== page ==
Telemedicine Saves Time, Money … and Lives
Partners/Channel, Public Sector, Healthcare, Collaborations, Video
When an urban crisis threatens a city, emergency responders are quick to react. The question is, what if they are not quick enough? The result could be slower time to patient treatment, an unprepared and chaotic hospital, and most importantly the loss of patient lives.
In today’s fast-moving culture, the need for near real-time communication is more important than ever. And in healthcare that need is magnified.
During a local incident of mass violence in Virginia, the University of Virginia (UVA) Telehealth team was able to use video collaboration to communicate between emergency responders with injured patients at the front line and physicians in the command center at the hospital.
“Telecommunications helped us to save up to 20 lives … because we were able to meet patient needs based upon instant ability to communicate with our services across the healthcare system,” said Richard P. Shannon, MD, Executive Vice President, Health Affairs, UVA. Dr. Shannon witnessed first-hand how technology was able to transform the way that UVA Telehealth prepared for, and reacted to, a day of crisis. A crisis that led to injuries and the need for instant medical attention. You can learn more by watching this video.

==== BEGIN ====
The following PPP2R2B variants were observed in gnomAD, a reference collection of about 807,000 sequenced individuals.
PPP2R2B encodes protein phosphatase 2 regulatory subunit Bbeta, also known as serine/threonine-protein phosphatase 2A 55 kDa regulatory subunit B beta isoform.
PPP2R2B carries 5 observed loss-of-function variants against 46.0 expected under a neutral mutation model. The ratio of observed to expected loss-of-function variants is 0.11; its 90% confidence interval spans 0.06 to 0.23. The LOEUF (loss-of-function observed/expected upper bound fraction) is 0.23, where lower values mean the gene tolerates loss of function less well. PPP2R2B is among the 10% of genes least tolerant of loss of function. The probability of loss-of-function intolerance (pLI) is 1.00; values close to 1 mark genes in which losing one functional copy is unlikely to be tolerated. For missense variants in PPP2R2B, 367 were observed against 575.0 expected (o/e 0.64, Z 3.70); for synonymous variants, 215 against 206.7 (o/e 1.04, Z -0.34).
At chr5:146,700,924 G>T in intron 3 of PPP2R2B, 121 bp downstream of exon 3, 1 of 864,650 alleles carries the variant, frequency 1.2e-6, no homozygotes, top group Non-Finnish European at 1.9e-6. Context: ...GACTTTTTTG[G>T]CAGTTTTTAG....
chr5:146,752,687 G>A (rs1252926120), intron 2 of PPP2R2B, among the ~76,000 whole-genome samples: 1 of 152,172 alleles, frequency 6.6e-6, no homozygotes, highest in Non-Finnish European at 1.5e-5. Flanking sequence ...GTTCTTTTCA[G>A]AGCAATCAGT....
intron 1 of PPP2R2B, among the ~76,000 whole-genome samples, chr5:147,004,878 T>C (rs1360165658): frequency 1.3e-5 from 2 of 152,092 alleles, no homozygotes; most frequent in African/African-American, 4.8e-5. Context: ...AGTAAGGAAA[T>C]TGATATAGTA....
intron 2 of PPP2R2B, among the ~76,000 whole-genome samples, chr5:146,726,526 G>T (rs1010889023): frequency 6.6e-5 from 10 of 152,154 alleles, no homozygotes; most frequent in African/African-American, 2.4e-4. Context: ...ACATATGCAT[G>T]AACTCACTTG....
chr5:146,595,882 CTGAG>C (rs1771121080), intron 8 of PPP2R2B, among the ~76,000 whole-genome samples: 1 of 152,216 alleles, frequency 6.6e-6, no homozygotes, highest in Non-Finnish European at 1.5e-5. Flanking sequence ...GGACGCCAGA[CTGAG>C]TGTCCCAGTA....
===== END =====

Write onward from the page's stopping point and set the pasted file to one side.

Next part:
“From the front lines where our patients were injured to our command center, and then throughout our institution, we relied upon telecommunications to guide us in the triage of management …” Dr. Shannon said.
Whereas Telemedicine has typically been used for remote diagnosis and treatment of patients in rural areas, many of the healthcare challenges that Telemedicine can address are present in urban areas. Telemedicine is especially critical in urban areas when waiting is not an option.
According to the American Telemedicine Association (ATA), the industry is in a period of rapid growth. About 200 telemedicine networks have 3,500 service sites in the United States. Almost 1.5 million Americans are using remote cardiac monitors, and more than half of all U.S. hospitals offer some form of telemedicine, and that number is only expected to grow. In 2017, 40% of physicians in a large survey reported that, “Telemedicine was an important evolution in the practice of Medicine”.
UVA is the top academic medical center in the state of Virginia and it attracts patients from all over the state. Telemedicine is making a significant difference in the way patients receive care at UVA. Telemedicine offers a viable alternative for better access to healthcare, at a lower cost, and has the ability to save lives in critical care and emergency situations, as evident by the UVA Telehealth crisis scenario mentioned earlier.
Telemedicine is making a difference in Texas, too. Read more about how the Houston Fire Department implemented a mobile video collaboration solution that allows patients and emergency responders to communicate instantly with physicians.